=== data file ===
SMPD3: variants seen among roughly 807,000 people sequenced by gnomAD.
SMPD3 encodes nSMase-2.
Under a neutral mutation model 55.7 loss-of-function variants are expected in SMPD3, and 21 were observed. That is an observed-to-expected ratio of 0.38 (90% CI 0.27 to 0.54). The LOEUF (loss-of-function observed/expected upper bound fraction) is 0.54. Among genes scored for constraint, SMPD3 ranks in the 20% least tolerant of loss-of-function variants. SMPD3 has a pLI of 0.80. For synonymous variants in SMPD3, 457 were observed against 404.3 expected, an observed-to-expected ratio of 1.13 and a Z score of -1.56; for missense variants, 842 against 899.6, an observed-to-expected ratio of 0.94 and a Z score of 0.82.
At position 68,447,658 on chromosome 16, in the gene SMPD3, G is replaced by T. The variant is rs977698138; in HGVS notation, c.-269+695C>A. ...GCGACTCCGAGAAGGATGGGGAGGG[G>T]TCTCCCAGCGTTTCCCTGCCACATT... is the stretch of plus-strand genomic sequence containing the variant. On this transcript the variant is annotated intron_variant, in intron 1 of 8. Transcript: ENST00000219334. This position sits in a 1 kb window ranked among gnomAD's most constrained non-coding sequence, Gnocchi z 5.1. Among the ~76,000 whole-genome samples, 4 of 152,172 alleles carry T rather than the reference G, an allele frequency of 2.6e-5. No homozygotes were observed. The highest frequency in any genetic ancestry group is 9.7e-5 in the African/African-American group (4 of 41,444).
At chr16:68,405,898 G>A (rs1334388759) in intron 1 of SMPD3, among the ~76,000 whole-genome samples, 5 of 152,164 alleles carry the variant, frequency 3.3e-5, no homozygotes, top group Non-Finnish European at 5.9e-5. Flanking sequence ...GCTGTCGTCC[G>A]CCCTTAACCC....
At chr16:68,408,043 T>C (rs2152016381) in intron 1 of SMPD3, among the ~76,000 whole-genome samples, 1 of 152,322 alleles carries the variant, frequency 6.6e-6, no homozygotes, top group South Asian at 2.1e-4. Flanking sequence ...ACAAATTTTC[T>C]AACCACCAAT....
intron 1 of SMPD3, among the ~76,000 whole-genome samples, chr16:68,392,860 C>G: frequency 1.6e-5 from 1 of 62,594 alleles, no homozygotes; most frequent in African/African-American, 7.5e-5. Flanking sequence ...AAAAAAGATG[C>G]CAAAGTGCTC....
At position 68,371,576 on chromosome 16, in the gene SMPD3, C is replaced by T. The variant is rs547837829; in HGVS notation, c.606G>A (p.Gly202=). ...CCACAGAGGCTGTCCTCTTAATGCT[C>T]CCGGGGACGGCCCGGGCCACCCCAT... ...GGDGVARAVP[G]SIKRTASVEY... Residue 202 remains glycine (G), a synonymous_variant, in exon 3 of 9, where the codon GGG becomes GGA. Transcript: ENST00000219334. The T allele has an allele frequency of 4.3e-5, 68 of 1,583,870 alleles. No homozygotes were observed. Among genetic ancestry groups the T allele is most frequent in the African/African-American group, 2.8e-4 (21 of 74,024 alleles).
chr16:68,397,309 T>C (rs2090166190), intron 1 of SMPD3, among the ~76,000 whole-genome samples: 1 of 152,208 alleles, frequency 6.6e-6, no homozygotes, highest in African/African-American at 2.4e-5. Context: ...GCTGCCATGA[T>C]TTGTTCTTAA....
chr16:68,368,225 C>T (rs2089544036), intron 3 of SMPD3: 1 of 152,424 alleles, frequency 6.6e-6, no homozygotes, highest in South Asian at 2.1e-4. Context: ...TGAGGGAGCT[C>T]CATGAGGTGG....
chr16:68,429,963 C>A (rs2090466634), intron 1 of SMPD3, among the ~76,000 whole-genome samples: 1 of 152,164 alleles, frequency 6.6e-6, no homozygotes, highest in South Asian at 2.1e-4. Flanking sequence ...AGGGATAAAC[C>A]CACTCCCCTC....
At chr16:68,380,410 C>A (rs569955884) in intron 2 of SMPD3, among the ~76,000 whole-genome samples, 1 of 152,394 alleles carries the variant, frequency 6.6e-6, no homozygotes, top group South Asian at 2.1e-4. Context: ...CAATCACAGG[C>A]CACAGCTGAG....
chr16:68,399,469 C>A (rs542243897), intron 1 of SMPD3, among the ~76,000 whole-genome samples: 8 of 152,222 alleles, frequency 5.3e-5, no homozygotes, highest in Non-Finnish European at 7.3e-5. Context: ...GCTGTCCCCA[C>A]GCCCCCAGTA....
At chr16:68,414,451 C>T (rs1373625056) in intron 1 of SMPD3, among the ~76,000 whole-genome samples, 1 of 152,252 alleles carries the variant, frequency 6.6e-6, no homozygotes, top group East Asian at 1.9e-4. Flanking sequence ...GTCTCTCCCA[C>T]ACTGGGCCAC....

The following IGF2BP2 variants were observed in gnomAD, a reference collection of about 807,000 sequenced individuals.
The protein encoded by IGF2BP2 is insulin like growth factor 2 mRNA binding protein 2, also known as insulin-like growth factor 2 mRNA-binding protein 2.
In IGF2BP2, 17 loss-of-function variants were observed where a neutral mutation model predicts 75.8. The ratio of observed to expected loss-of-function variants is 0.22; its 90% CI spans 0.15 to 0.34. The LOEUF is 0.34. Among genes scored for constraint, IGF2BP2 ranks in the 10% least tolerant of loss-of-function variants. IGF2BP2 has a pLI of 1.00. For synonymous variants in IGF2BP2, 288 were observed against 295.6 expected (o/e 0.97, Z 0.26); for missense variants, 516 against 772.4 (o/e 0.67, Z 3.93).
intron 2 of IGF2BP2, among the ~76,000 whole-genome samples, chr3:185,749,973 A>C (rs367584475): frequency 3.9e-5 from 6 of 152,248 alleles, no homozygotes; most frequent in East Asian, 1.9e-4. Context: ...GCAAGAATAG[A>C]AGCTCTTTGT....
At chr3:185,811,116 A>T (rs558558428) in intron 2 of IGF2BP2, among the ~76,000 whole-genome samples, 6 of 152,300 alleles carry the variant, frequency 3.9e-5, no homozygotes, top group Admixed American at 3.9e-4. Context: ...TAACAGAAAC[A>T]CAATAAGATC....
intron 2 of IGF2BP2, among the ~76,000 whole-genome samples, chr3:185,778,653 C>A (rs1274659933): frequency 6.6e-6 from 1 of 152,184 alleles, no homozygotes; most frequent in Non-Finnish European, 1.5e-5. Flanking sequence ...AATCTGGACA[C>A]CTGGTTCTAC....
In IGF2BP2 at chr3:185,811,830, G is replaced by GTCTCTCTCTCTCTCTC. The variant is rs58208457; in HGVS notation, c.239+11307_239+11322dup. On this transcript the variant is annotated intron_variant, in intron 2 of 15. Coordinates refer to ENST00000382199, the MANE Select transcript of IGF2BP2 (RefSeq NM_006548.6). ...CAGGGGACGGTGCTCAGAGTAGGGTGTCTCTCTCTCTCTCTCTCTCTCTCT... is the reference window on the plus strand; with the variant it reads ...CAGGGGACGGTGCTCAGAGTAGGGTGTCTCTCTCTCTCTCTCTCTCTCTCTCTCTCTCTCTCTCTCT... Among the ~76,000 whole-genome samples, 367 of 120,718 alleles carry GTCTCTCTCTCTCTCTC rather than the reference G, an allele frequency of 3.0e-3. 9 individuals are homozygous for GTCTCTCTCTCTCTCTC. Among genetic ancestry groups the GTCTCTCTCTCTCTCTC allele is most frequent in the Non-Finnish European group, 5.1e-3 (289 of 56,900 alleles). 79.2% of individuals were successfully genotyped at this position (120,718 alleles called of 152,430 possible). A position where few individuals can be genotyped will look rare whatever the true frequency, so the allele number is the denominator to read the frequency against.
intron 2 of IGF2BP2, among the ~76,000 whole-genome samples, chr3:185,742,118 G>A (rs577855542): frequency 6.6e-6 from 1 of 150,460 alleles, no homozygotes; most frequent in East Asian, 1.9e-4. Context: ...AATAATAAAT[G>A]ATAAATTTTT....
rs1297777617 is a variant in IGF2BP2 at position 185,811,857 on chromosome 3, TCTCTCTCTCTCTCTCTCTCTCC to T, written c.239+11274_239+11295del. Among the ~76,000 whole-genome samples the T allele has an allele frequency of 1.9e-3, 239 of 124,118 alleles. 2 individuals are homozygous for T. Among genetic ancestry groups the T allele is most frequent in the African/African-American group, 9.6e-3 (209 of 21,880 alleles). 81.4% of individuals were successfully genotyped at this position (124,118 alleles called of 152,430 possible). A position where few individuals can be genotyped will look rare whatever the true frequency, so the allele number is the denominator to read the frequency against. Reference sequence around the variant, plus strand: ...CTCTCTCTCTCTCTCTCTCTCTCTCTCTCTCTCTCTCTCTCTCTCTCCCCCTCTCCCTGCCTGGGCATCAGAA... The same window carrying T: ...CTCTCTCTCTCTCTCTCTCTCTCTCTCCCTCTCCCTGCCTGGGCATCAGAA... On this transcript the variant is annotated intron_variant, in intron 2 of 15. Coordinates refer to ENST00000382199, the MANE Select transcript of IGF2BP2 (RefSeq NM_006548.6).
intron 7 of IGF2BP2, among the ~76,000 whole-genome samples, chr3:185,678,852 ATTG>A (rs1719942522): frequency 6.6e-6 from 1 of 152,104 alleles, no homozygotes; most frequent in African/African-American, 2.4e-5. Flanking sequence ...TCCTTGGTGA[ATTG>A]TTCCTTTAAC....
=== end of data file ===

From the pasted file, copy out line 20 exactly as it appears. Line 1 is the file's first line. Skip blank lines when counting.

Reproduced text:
intron 2 of IGF2BP2, among the ~76,000 whole-genome samples, chr3:185,778,653 C>A (rs1274659933): frequency 6.6e-6 from 1 of 152,184 alleles, no homozygotes; most frequent in Non-Finnish European, 1.5e-5. Flanking sequence ...AATCTGGACA[C>A]CTGGTTCTAC....